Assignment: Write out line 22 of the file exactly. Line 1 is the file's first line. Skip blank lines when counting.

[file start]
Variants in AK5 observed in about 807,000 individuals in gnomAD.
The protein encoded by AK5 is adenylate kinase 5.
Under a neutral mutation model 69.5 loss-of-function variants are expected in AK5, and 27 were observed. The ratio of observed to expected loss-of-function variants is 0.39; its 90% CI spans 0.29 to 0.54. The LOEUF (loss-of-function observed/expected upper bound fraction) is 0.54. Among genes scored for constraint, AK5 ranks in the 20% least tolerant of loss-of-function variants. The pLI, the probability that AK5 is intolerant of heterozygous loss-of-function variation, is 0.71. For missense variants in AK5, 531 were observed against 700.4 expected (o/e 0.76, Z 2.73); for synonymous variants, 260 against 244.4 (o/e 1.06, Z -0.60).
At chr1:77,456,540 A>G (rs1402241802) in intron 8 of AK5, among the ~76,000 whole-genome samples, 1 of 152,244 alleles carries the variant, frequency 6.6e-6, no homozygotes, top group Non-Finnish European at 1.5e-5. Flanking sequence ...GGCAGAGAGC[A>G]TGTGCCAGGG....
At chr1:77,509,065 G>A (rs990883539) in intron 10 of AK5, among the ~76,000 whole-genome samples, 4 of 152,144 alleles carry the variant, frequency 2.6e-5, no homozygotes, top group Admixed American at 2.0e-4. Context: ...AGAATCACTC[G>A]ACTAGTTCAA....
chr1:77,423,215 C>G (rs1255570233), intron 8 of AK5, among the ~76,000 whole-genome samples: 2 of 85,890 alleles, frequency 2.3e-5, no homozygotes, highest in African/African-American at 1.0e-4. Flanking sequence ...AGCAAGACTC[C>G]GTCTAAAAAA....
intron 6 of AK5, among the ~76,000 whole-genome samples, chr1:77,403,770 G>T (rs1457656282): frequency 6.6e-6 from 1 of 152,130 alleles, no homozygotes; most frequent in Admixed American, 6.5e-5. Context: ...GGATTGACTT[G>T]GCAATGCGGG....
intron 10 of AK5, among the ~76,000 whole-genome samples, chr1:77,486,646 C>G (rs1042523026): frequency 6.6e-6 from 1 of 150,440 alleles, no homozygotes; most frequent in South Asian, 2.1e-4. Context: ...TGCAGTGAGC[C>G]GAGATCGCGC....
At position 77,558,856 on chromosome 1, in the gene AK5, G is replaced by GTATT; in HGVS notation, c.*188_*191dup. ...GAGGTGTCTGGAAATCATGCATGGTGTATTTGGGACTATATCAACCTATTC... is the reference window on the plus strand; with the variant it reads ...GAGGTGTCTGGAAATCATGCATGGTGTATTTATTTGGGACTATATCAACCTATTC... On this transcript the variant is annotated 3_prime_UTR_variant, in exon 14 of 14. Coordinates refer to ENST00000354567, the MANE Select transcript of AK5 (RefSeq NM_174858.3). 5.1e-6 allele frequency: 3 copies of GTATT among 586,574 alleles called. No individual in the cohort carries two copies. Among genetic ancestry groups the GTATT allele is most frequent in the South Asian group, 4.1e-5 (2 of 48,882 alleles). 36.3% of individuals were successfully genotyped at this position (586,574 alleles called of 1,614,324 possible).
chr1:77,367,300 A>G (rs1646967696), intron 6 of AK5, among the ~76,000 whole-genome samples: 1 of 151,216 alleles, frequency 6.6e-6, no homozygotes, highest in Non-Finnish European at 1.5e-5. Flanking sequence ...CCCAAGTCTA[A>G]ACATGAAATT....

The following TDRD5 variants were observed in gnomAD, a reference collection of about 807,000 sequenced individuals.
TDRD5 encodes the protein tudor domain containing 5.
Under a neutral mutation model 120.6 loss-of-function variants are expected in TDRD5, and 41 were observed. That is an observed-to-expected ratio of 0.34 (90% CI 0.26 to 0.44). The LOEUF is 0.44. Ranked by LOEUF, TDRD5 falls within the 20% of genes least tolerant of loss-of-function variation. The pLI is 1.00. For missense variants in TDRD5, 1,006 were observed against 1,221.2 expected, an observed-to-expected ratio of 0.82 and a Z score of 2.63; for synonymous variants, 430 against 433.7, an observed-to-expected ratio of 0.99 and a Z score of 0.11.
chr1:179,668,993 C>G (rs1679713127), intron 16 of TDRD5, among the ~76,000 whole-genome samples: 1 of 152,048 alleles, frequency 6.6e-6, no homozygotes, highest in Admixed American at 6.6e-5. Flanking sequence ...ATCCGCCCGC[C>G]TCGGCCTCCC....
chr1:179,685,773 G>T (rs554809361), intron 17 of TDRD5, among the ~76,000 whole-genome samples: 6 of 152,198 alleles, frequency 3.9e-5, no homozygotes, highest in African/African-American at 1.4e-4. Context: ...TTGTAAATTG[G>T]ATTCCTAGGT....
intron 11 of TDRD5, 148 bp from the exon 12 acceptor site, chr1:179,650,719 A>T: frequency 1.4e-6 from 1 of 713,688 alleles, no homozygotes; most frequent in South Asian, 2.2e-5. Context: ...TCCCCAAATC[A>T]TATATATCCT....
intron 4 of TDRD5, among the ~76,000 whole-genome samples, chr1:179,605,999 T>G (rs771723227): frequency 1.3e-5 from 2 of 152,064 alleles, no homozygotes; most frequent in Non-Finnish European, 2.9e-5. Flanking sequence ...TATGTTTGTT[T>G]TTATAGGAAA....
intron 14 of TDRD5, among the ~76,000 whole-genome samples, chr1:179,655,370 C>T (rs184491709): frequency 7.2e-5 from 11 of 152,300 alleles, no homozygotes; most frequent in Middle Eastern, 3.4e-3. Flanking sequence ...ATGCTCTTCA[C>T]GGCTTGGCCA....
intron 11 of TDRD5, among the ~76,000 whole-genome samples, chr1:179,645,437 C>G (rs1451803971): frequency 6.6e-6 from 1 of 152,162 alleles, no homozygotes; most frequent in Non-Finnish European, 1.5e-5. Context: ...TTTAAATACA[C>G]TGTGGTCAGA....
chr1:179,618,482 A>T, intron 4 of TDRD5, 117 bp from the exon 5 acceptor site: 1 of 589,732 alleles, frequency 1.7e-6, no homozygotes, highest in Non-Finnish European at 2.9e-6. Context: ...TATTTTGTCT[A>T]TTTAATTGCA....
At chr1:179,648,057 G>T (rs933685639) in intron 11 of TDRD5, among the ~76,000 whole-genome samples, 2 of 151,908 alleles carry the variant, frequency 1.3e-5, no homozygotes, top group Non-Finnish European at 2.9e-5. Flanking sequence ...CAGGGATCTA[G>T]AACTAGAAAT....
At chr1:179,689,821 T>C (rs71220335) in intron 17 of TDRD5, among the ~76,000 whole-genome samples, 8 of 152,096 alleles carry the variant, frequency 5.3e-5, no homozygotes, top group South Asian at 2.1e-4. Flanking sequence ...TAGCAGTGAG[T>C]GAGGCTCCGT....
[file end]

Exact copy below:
At chr1:179,689,821 T>C (rs71220335) in intron 17 of TDRD5, among the ~76,000 whole-genome samples, 8 of 152,096 alleles carry the variant, frequency 5.3e-5, no homozygotes, top group South Asian at 2.1e-4. Flanking sequence ...TAGCAGTGAG[T>C]GAGGCTCCGT....